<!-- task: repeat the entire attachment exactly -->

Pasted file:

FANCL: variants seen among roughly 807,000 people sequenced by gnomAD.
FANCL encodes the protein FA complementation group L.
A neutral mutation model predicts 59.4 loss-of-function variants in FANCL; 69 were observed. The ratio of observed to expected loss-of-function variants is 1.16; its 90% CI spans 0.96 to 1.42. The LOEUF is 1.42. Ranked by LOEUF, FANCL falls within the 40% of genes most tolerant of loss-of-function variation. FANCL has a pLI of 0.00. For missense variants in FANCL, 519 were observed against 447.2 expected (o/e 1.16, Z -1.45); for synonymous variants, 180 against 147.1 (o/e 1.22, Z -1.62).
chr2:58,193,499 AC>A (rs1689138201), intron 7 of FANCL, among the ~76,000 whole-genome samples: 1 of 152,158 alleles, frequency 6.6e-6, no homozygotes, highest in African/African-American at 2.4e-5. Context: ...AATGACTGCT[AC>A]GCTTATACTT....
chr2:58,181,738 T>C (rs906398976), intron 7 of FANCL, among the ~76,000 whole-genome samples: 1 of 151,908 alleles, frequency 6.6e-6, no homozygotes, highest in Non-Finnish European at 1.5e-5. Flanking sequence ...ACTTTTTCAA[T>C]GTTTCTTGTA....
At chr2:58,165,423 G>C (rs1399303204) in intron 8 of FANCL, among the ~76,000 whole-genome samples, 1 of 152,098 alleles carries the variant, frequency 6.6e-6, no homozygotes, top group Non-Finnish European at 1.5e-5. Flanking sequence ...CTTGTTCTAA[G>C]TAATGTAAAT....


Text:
FANCL: variants seen among roughly 807,000 people sequenced by gnomAD.
FANCL encodes the protein FA complementation group L.
A neutral mutation model predicts 59.4 loss-of-function variants in FANCL; 69 were observed. The ratio of observed to expected loss-of-function variants is 1.16; its 90% CI spans 0.96 to 1.42. The LOEUF is 1.42. Ranked by LOEUF, FANCL falls within the 40% of genes most tolerant of loss-of-function variation. FANCL has a pLI of 0.00. For missense variants in FANCL, 519 were observed against 447.2 expected (o/e 1.16, Z -1.45); for synonymous variants, 180 against 147.1 (o/e 1.22, Z -1.62).
chr2:58,193,499 AC>A (rs1689138201), intron 7 of FANCL, among the ~76,000 whole-genome samples: 1 of 152,158 alleles, frequency 6.6e-6, no homozygotes, highest in African/African-American at 2.4e-5. Context: ...AATGACTGCT[AC>A]GCTTATACTT....
chr2:58,181,738 T>C (rs906398976), intron 7 of FANCL, among the ~76,000 whole-genome samples: 1 of 151,908 alleles, frequency 6.6e-6, no homozygotes, highest in Non-Finnish European at 1.5e-5. Flanking sequence ...ACTTTTTCAA[T>C]GTTTCTTGTA....
At chr2:58,165,423 G>C (rs1399303204) in intron 8 of FANCL, among the ~76,000 whole-genome samples, 1 of 152,098 alleles carries the variant, frequency 6.6e-6, no homozygotes, top group Non-Finnish European at 1.5e-5. Flanking sequence ...CTTGTTCTAA[G>C]TAATGTAAAT....